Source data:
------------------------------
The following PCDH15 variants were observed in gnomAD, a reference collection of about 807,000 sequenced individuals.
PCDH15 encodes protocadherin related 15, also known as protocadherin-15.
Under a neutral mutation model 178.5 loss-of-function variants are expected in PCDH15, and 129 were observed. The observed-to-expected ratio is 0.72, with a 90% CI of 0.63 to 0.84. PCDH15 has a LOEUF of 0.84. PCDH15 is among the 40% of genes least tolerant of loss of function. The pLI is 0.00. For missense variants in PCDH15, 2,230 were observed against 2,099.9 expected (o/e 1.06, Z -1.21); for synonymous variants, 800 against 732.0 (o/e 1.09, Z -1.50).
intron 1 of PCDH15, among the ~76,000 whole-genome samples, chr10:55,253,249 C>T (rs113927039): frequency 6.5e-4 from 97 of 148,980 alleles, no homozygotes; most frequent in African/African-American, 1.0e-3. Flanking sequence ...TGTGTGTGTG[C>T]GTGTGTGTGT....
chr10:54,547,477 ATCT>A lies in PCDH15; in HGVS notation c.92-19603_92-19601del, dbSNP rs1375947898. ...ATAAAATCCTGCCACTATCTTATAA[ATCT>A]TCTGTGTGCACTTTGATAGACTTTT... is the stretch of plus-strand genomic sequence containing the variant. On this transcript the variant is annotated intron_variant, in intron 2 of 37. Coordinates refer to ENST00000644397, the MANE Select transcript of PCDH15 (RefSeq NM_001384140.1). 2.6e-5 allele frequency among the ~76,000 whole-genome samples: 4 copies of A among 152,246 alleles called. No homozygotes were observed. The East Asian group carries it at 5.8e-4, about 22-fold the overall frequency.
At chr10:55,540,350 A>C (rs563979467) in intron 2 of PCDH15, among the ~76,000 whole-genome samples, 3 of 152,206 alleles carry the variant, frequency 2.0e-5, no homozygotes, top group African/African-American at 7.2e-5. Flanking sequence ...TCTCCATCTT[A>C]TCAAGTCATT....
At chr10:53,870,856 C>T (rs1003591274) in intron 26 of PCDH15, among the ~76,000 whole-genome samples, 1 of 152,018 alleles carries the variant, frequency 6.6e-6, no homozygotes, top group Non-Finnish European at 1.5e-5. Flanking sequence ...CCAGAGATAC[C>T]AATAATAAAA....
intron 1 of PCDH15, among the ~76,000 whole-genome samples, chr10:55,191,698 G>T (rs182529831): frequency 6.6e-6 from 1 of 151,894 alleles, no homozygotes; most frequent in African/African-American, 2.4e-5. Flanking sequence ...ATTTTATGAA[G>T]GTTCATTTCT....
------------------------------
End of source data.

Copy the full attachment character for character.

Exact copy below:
The following PCDH15 variants were observed in gnomAD, a reference collection of about 807,000 sequenced individuals.
PCDH15 encodes protocadherin related 15, also known as protocadherin-15.
Under a neutral mutation model 178.5 loss-of-function variants are expected in PCDH15, and 129 were observed. The observed-to-expected ratio is 0.72, with a 90% CI of 0.63 to 0.84. PCDH15 has a LOEUF of 0.84. PCDH15 is among the 40% of genes least tolerant of loss of function. The pLI is 0.00. For missense variants in PCDH15, 2,230 were observed against 2,099.9 expected (o/e 1.06, Z -1.21); for synonymous variants, 800 against 732.0 (o/e 1.09, Z -1.50).
intron 1 of PCDH15, among the ~76,000 whole-genome samples, chr10:55,253,249 C>T (rs113927039): frequency 6.5e-4 from 97 of 148,980 alleles, no homozygotes; most frequent in African/African-American, 1.0e-3. Flanking sequence ...TGTGTGTGTG[C>T]GTGTGTGTGT....
chr10:54,547,477 ATCT>A lies in PCDH15; in HGVS notation c.92-19603_92-19601del, dbSNP rs1375947898. ...ATAAAATCCTGCCACTATCTTATAA[ATCT>A]TCTGTGTGCACTTTGATAGACTTTT... is the stretch of plus-strand genomic sequence containing the variant. On this transcript the variant is annotated intron_variant, in intron 2 of 37. Coordinates refer to ENST00000644397, the MANE Select transcript of PCDH15 (RefSeq NM_001384140.1). 2.6e-5 allele frequency among the ~76,000 whole-genome samples: 4 copies of A among 152,246 alleles called. No homozygotes were observed. The East Asian group carries it at 5.8e-4, about 22-fold the overall frequency.
At chr10:55,540,350 A>C (rs563979467) in intron 2 of PCDH15, among the ~76,000 whole-genome samples, 3 of 152,206 alleles carry the variant, frequency 2.0e-5, no homozygotes, top group African/African-American at 7.2e-5. Flanking sequence ...TCTCCATCTT[A>C]TCAAGTCATT....
At chr10:53,870,856 C>T (rs1003591274) in intron 26 of PCDH15, among the ~76,000 whole-genome samples, 1 of 152,018 alleles carries the variant, frequency 6.6e-6, no homozygotes, top group Non-Finnish European at 1.5e-5. Flanking sequence ...CCAGAGATAC[C>T]AATAATAAAA....
intron 1 of PCDH15, among the ~76,000 whole-genome samples, chr10:55,191,698 G>T (rs182529831): frequency 6.6e-6 from 1 of 151,894 alleles, no homozygotes; most frequent in African/African-American, 2.4e-5. Flanking sequence ...ATTTTATGAA[G>T]GTTCATTTCT....